The pressure for change at the top of the Qantas group is building to levels where the chairman Leigh Clifford and the CEO Alan Joyce will be either be quickly removed or embroiled in a bitter struggle to retain control.

The pressure has little to do with union strike action, there hasn’t been any, nor the constant Qantas whingeing about competitors. These are just diversionary sideshows.

It is about two years without shareholder dividends, the bad mouthing of Qantas full-service, long-haul flights by the management team responsible for them, doubts about the real viability of Jetstar, and amateur hour stunts such as  supposedly convenient flights to Dallas-Fort Worth that stuff business travellers into a second-rate cabin, leave them without luggage and clean clothes because of payload restrictions,  and add hours to flights that could have been done via Los Angeles.

Qantas oneworld partner Cathay Pacific had a very quietly spoken message for Clifford and Joyce yesterday when its new CEO John Slosar was in town.

And that was, work in your space, not ours.  Asked about Qantas’s get-out-of-jail plans to miraculously solve its inadequacies and the burden of being an Australian icon by setting up off-shore entities in Asia, Slosar referred to the issues with government and authority relationships and the need, in the obvious context of its own success in China, to nurture generations of relationship building to get where it wanted to be.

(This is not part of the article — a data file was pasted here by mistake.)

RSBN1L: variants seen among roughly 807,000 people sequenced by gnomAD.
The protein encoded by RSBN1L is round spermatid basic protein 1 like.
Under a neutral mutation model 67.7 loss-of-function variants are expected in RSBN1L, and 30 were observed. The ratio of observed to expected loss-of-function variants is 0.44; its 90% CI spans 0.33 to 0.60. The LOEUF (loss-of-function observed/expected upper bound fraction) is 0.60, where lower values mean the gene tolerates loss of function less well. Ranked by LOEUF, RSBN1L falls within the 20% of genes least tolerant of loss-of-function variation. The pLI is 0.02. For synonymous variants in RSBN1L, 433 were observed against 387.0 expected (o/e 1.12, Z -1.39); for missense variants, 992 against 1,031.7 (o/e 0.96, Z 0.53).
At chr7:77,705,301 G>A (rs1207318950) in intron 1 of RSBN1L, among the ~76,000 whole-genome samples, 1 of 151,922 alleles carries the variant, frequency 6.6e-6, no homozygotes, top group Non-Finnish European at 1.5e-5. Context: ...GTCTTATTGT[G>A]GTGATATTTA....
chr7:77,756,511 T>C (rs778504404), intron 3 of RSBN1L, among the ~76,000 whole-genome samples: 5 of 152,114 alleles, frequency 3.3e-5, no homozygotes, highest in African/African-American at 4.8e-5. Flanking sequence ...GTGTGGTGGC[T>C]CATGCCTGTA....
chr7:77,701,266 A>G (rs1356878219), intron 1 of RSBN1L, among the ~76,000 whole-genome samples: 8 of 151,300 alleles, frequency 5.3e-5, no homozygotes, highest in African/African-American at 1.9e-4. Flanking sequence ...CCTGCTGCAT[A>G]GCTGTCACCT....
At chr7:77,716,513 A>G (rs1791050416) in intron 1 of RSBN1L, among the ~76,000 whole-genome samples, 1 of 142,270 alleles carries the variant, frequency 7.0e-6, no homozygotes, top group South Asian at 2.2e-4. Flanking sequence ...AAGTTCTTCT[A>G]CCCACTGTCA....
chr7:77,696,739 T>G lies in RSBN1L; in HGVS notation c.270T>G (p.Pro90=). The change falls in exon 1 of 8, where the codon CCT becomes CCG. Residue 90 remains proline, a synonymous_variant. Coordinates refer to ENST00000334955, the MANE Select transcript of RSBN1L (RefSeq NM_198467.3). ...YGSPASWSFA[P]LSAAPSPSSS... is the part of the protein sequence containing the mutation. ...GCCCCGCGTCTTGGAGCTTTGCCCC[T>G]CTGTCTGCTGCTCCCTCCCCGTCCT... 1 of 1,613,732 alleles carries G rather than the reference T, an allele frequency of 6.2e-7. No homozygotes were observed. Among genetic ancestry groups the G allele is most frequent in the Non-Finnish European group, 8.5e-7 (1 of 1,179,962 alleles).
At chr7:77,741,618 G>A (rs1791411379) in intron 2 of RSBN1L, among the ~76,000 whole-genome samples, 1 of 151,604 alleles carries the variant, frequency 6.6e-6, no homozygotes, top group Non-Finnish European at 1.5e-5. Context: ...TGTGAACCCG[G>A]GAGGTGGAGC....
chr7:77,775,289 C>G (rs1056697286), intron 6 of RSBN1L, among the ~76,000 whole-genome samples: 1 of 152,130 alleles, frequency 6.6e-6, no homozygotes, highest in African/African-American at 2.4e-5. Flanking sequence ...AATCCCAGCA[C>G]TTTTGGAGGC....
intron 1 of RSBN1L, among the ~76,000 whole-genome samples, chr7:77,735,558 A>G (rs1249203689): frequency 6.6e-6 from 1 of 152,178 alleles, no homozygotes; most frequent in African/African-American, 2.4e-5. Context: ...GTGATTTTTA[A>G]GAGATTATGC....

The Dallas debacle has made Qantas an object of mirth among other long-haul carriers because it involved using a jet that is patently incapable of flying the distance reliably non-stop in both directions from Australia with everyone’s luggage on board.

It is this contempt in Qantas for technical advice and customer expectations that has led it into errors in fleet and route planning from which there is no quick escape, as well as more fundamental safety-related errors.  This was apparent in Alan Joyce’s time as the founding CEO of Jetstar when he was responsible for a decision to change the A320 approved flight manual procedure for a go-around, a mistake that saw one of its jets carrying about 140 people come close to crashing in fog at Melbourne airport in 2007, after which the carrier was found by the ATSB to have failed to keep traceable records or to have conducted a mandatory safety management system analysis before making changes it has not to this day explained to anyone.

Safety, however, may not be front of mind in investor perceptions.  Declining market share, lack of dividends, and an inability to manage labour relations before they result in court approval of protected industrial action at a time chosen by the unions are all hallmarks of management failure.

Telling Australians that Qantas needs to be less Australian to be successful is not a winning message. Every Qantas management since the company was listed on the stock exchange in 1995 has emphasised the value of it brand, which is inextricably bound up with being Australian.

But the only new guidance for a market looking for prompt remedial action at Qantas has been a vague concession that a study into a new Asia-based carrier is under consideration with no further details to be announced before the end of the year.

Joyce and Clifford have weeks if not days to come up with answers, rather than year’s end.